As we bid a fond farewell to 2012, with its many memories and special moments, we thought to share with you our 10 most-read blog posts published this year. Not only do these article provide an enjoyable look-back at 2012, they also provide an overview of some interesting skilled nursing-related topics that we'll continue to cover in 2013.
Several years ago there was a top hit TV show called Seinfeld. One of the main characters went by the name of George Costanza. George was the guy that somehow always made the wrong call and as a result things never seemed to work out right in any given situation. In one episode, George comes to the realization that he should try to do the opposite of everything he thought he should and in so doing, his luck changes and everything begins to go his way including getting a girlfriend, a job with the Yankees and moving out of his parents' house. In my view, the new age of healthcare is beginning to come into focus and it’s looking a lot like that Seinfeld Episode. In some ways George holds the key to solving our healthcare crisis.
My wife and I recently hit a milestone of celebrating our 25thwedding anniversary. 2 years ago we decided we would celebrate by taking an extended trip to a place we had never been before. It was a trip of a lifetime that was filled with great memories that will last forever. The best laid plans could not have prepared us for all that we experienced. Part of the adventure was an element of the unknown. Everything was strange to us. People spoke a different language, and as a result, any of the signs that may have given us a hint as to a sense of direction were of no use to us. We basically were down to instinct and other familiar constants like the sun rising in the east and setting in the west. We found ourselves relying solely on the people that were around us. The only way we could communicate with them was by gestures and pointing. Anyone watching our performances could have a good laugh. We ran into people who were both very nice and helpful and others who took advantage of us and in some cases steered us in the wrong direction. It was a humbling learning experience for both of us. While reflecting on all of this I got to thinking about what we do at The Maplewood and the fact that there are solid parallels between the experience of my wife and I and the Patients and families at The Maplewood who we are privileged to serve.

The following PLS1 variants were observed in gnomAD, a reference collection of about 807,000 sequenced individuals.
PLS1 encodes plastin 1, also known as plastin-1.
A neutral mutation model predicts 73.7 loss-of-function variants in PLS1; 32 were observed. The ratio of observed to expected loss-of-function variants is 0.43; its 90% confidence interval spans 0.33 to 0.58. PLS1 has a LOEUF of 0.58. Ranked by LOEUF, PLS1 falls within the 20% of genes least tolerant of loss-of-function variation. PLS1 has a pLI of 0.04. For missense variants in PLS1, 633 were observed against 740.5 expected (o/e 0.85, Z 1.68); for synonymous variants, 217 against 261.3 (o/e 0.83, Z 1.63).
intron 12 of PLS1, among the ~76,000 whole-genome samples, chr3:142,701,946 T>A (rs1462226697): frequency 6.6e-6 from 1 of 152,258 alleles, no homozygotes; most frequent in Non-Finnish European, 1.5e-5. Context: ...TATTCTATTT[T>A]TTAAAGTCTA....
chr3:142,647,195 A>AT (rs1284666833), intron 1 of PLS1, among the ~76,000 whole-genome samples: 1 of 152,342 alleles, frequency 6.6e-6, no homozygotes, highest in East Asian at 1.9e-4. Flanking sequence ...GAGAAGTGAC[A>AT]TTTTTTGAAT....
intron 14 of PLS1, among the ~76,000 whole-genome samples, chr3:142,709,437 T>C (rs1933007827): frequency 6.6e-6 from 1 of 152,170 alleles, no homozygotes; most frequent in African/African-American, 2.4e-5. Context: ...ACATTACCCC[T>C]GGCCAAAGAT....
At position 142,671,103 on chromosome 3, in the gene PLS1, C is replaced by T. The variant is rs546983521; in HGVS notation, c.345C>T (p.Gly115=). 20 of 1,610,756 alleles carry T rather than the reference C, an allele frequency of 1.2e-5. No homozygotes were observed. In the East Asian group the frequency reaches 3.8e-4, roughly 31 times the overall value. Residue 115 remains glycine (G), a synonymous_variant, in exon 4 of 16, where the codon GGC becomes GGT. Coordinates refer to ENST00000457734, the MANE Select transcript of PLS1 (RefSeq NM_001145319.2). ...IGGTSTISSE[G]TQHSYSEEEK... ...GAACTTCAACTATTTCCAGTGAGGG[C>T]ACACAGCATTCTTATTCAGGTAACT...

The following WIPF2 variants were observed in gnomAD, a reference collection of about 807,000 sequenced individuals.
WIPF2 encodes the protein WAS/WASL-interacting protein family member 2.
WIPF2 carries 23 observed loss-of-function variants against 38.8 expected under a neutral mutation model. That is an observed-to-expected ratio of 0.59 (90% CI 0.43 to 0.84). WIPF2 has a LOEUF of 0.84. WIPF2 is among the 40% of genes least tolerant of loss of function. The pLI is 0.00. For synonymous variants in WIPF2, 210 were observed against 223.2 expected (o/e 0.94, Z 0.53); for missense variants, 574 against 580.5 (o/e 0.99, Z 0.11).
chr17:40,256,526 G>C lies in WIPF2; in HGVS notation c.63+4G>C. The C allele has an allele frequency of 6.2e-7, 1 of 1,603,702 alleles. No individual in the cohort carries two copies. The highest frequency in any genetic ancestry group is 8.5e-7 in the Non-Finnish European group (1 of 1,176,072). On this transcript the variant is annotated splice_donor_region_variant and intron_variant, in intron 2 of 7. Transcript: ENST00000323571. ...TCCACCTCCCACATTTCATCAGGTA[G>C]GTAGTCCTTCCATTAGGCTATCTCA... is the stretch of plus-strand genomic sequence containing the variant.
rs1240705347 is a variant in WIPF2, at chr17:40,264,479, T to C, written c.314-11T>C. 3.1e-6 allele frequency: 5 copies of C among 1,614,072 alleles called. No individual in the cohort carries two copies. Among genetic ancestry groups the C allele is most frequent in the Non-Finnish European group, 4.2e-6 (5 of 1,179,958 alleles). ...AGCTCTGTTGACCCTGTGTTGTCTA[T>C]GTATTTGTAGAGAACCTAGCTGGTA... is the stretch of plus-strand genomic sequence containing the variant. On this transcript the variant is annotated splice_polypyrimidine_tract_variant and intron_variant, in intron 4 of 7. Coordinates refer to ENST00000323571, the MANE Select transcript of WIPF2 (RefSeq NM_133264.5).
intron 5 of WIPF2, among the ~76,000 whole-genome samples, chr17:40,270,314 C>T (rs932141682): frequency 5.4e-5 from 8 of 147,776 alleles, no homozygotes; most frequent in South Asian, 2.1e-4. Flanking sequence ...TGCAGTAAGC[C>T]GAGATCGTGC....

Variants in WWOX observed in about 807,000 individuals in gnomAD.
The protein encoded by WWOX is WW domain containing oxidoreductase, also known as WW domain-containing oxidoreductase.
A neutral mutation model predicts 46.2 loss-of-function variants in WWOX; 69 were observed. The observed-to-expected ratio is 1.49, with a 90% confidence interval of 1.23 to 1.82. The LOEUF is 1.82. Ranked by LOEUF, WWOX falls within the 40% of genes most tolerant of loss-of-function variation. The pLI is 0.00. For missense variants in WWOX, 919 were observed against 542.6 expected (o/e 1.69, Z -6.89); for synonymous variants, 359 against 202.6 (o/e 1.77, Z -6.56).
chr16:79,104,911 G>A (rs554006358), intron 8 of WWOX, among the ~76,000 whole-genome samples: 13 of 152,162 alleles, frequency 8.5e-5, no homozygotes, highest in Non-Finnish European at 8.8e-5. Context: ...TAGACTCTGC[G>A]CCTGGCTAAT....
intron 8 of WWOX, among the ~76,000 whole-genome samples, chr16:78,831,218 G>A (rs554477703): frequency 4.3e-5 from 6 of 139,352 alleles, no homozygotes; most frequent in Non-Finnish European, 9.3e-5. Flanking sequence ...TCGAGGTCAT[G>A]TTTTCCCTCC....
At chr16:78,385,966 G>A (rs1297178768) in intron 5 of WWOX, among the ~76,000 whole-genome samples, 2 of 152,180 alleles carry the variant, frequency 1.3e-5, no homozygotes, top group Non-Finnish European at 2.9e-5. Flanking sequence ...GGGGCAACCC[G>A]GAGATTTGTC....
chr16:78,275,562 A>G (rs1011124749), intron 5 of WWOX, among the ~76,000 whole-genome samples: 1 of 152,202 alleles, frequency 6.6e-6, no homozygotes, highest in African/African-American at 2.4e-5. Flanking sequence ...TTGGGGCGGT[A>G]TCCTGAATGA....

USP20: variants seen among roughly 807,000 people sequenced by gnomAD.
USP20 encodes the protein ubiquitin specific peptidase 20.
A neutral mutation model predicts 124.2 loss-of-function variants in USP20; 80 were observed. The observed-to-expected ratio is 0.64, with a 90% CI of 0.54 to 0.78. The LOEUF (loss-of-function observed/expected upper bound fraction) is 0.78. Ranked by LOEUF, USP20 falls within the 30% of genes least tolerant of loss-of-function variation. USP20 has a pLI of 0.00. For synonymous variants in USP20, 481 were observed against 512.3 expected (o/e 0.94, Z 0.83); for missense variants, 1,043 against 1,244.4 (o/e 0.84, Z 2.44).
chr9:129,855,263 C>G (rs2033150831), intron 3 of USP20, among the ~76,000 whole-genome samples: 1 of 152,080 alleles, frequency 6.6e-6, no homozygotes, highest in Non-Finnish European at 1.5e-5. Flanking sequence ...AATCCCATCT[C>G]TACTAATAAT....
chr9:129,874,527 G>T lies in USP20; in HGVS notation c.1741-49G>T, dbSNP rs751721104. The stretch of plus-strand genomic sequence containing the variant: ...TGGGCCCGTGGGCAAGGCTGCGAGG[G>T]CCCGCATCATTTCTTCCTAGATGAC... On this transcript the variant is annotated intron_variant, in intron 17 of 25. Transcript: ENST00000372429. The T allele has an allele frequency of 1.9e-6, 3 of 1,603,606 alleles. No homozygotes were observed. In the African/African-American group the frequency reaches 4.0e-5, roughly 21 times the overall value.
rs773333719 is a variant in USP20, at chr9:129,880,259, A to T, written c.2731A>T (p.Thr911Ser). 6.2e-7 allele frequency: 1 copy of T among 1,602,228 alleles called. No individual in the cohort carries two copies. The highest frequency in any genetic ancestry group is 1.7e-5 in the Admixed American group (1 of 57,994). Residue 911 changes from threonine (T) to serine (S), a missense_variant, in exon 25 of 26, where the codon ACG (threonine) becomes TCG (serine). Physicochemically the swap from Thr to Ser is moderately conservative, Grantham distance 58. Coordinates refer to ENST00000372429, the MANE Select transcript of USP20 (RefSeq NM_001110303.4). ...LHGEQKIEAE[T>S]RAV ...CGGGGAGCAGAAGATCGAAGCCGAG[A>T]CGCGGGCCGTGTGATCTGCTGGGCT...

Did you ever see the product that the BIC pen company produced and made famous from the early 60s right up to today? It isnt the disposable lighter I am thinking of but rather the four in one pen. By flicking your finger you could change the pen color from black to red to green to blue. Over the years BIC has made hundreds of millions of dollars from this product just from healthcare. Blue, red and green colors were all assigned to either the day, evening or night shift and that is how one distinguished at a glance when medications were administred or notes were written. That was all well and good until sharing information quickly started to become a mandate in healthcare. Today these kinds of systems seem silly and antiquated but strangely enough the healthcare profession continues to fight the need for change. Over the next several years it will become mandatory that healthcare become fully digital and fully electronic.